Dr Robert Jay Lifton THE NAZI DOCTORS:
                        Medical Killing and the
                            Psychology of Genocide ©
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Doubling: The Faustian Bargain 
conquering time and therefore death; if the new self will “dare to be barbaric, twice barbaric indeed.”39*

Within German psychological and cultural experience, the theme of doubling is powerful and persistent. Moreover, German vulnerability to doubling was undoubtedly intensified by the historical dislocations and fragmentations of cultural symbols following the First World War. Who can deny the Germanic “feel” of so much of the doubling process, as best described by a brilliant product of German culture, Otto Rank?

Yet the first great poet to take up the Faust theme was not Goethe but the English playwright Christopher Marlowe. And there has been a series of celebrated English and American expressions of the general theme of the double, running through Edgar Allan Poe’s “William Wilson,” Robert Louis Stevenson’s The Strange Case of Dr. Jekyll and Mr. Hyde, Oscar Wilde’s Picture of Dorian Gray, and the comic strip Superman. Indeed, the theme penetrates the work of writers of all nationalities: for instance, Guy de Maupassant’s Le Horla and Dostoevski's novel The Double.41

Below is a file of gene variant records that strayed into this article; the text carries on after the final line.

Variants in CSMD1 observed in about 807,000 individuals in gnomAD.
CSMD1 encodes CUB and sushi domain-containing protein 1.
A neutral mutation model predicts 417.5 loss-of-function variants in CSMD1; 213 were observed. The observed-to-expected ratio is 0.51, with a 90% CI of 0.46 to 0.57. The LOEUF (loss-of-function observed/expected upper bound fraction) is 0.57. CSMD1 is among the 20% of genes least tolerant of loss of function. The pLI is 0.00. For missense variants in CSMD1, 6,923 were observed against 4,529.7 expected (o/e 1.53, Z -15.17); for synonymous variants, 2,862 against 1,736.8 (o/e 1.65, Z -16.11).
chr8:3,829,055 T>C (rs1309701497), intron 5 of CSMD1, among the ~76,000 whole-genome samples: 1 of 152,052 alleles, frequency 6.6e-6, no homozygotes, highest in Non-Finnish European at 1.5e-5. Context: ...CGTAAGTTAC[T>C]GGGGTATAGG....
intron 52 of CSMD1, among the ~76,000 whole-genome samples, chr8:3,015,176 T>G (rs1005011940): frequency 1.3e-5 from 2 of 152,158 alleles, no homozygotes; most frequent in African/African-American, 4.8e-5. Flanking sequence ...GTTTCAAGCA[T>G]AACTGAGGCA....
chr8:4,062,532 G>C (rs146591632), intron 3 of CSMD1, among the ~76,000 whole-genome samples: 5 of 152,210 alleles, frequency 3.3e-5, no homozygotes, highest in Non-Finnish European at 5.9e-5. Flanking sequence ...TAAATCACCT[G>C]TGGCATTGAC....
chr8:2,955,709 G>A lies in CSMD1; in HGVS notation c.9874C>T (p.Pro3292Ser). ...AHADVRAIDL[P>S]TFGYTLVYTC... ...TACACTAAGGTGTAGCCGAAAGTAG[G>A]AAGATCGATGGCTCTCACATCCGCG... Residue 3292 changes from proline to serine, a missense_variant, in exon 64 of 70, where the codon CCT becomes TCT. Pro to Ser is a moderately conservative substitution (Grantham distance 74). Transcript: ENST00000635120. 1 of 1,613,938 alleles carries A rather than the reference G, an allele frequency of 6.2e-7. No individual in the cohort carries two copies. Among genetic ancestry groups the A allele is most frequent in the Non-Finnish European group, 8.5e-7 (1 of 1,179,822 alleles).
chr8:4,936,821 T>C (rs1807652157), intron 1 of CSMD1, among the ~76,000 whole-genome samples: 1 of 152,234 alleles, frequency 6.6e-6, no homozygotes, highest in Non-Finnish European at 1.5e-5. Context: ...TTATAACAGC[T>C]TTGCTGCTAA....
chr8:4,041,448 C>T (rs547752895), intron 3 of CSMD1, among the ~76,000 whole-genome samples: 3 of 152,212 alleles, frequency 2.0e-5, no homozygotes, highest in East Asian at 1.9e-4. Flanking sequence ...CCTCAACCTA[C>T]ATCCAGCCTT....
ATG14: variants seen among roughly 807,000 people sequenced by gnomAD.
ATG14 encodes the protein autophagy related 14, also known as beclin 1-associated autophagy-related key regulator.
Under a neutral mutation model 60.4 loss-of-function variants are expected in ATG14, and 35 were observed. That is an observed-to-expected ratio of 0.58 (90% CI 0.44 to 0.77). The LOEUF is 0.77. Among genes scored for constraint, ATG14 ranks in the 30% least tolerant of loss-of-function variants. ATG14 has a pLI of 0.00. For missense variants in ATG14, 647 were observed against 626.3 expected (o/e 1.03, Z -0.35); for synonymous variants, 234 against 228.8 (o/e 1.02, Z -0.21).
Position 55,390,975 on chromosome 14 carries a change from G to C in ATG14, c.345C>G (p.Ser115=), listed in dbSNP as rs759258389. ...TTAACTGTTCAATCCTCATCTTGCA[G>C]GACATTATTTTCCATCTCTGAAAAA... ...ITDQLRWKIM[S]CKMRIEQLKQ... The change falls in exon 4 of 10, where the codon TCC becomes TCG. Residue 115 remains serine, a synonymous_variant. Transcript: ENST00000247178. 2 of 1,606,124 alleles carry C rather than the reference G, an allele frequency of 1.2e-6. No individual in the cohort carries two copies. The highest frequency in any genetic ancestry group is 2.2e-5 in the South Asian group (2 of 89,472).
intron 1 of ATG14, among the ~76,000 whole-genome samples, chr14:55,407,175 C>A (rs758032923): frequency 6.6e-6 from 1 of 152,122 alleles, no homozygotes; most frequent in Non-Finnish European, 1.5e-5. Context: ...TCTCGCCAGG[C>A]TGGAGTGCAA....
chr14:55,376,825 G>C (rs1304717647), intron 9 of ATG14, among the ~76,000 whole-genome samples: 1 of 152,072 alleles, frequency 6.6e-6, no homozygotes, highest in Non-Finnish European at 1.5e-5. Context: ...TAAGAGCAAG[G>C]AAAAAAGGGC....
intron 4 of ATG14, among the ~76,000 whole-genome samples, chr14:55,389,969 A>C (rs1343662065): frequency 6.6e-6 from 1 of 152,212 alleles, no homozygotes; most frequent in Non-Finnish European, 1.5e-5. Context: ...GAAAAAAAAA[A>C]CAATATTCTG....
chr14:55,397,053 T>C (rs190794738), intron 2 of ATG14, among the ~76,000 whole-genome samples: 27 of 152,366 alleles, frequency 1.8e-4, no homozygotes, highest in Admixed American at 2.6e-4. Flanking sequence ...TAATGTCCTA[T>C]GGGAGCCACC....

Clearly, the Nazis took hold of a universal phenomenon, if one given special emphasis by their own culture and history. But they could not have brought about widespread doubling without the existence of certain additional psychological patterns that dominated Auschwitz behavior. These internalized expressions of the environment of the death camp came to characterize the Auschwitz self, and have significance beyond that place and time.
* Mann also captures the continuity in doubling by speaking of the “implicit Satanism” in German psychology, and by having the devil make clear to the Faust figure that “we lay upon you nothing new … [but] only ingeniously strengthen and exaggerate all that you already are.”40   
Medical Killing and the
Psychology of Genocide

Robert J. Lifton
ISBN 0-465-09094
© 1986
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